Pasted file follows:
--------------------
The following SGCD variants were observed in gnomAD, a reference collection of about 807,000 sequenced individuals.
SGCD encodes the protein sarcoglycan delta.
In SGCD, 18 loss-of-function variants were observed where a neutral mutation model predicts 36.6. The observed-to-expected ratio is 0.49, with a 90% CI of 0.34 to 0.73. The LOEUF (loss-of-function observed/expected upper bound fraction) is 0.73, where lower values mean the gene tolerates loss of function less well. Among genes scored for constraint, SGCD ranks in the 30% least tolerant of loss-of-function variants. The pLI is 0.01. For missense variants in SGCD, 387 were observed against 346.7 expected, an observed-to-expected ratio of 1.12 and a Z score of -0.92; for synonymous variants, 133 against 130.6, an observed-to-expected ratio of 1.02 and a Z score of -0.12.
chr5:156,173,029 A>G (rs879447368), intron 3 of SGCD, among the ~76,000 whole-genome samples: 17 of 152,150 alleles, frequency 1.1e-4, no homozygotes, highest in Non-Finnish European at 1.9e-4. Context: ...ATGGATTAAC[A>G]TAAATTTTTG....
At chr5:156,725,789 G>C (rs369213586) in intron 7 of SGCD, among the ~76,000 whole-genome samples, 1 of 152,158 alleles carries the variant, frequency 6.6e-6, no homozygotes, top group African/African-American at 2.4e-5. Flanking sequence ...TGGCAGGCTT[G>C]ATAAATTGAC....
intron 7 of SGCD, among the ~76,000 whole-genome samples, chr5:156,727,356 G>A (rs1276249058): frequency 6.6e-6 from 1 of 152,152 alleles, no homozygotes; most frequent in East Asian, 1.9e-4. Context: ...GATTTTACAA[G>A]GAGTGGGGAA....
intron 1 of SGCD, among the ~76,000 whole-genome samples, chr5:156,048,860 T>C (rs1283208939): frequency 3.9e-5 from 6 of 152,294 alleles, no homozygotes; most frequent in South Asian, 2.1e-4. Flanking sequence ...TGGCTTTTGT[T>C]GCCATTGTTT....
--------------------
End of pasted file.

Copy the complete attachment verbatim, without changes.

The following SGCD variants were observed in gnomAD, a reference collection of about 807,000 sequenced individuals.
SGCD encodes the protein sarcoglycan delta.
In SGCD, 18 loss-of-function variants were observed where a neutral mutation model predicts 36.6. The observed-to-expected ratio is 0.49, with a 90% CI of 0.34 to 0.73. The LOEUF (loss-of-function observed/expected upper bound fraction) is 0.73, where lower values mean the gene tolerates loss of function less well. Among genes scored for constraint, SGCD ranks in the 30% least tolerant of loss-of-function variants. The pLI is 0.01. For missense variants in SGCD, 387 were observed against 346.7 expected, an observed-to-expected ratio of 1.12 and a Z score of -0.92; for synonymous variants, 133 against 130.6, an observed-to-expected ratio of 1.02 and a Z score of -0.12.
chr5:156,173,029 A>G (rs879447368), intron 3 of SGCD, among the ~76,000 whole-genome samples: 17 of 152,150 alleles, frequency 1.1e-4, no homozygotes, highest in Non-Finnish European at 1.9e-4. Context: ...ATGGATTAAC[A>G]TAAATTTTTG....
At chr5:156,725,789 G>C (rs369213586) in intron 7 of SGCD, among the ~76,000 whole-genome samples, 1 of 152,158 alleles carries the variant, frequency 6.6e-6, no homozygotes, top group African/African-American at 2.4e-5. Flanking sequence ...TGGCAGGCTT[G>C]ATAAATTGAC....
intron 7 of SGCD, among the ~76,000 whole-genome samples, chr5:156,727,356 G>A (rs1276249058): frequency 6.6e-6 from 1 of 152,152 alleles, no homozygotes; most frequent in East Asian, 1.9e-4. Context: ...GATTTTACAA[G>A]GAGTGGGGAA....
intron 1 of SGCD, among the ~76,000 whole-genome samples, chr5:156,048,860 T>C (rs1283208939): frequency 3.9e-5 from 6 of 152,294 alleles, no homozygotes; most frequent in South Asian, 2.1e-4. Flanking sequence ...TGGCTTTTGT[T>C]GCCATTGTTT....